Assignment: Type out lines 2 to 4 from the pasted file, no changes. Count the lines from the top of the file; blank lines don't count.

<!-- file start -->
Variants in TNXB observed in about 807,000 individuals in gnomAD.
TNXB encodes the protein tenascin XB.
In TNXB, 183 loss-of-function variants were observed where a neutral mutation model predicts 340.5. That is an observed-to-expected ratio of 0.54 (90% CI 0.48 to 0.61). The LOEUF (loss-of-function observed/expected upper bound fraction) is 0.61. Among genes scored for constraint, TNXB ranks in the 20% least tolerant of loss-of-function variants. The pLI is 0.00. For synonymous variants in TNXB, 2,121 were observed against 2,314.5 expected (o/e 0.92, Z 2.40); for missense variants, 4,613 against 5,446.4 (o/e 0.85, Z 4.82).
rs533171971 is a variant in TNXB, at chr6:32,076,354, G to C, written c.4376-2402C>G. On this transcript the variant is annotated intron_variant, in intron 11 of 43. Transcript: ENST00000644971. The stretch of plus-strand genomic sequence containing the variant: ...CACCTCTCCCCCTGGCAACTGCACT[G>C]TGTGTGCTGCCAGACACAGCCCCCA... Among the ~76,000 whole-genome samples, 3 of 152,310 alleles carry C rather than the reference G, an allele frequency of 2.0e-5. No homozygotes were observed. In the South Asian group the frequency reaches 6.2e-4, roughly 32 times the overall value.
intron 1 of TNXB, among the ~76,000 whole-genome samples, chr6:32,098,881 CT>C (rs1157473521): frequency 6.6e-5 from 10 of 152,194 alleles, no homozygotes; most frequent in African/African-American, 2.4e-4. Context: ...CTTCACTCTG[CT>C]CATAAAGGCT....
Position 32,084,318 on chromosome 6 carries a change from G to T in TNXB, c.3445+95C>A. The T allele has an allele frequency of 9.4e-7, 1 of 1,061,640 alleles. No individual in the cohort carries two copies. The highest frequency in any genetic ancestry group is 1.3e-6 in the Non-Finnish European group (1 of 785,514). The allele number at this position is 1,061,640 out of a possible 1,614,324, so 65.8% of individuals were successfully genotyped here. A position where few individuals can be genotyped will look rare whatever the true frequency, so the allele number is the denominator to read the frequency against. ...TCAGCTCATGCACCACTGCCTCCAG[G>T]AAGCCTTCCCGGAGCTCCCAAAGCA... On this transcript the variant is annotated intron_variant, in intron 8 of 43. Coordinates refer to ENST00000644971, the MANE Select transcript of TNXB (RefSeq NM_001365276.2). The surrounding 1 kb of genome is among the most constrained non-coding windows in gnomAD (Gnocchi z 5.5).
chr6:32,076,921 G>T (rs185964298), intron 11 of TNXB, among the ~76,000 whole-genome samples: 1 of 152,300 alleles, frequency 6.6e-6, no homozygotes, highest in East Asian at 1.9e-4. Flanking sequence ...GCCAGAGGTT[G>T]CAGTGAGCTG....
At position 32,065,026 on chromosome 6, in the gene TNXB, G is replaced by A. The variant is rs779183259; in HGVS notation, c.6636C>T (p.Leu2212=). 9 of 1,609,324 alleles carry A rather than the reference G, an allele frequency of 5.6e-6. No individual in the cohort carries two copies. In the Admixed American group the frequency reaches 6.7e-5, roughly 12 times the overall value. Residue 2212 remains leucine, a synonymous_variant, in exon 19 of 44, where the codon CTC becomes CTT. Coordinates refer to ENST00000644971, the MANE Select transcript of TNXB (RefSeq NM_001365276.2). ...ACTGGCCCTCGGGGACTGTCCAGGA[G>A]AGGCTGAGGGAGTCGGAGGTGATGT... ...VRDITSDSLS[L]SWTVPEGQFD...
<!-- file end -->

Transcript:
TNXB encodes the protein tenascin XB.
In TNXB, 183 loss-of-function variants were observed where a neutral mutation model predicts 340.5. That is an observed-to-expected ratio of 0.54 (90% CI 0.48 to 0.61). The LOEUF (loss-of-function observed/expected upper bound fraction) is 0.61. Among genes scored for constraint, TNXB ranks in the 20% least tolerant of loss-of-function variants. The pLI is 0.00. For synonymous variants in TNXB, 2,121 were observed against 2,314.5 expected (o/e 0.92, Z 2.40); for missense variants, 4,613 against 5,446.4 (o/e 0.85, Z 4.82).
rs533171971 is a variant in TNXB, at chr6:32,076,354, G to C, written c.4376-2402C>G. On this transcript the variant is annotated intron_variant, in intron 11 of 43. Transcript: ENST00000644971. The stretch of plus-strand genomic sequence containing the variant: ...CACCTCTCCCCCTGGCAACTGCACT[G>C]TGTGTGCTGCCAGACACAGCCCCCA... Among the ~76,000 whole-genome samples, 3 of 152,310 alleles carry C rather than the reference G, an allele frequency of 2.0e-5. No homozygotes were observed. In the South Asian group the frequency reaches 6.2e-4, roughly 32 times the overall value.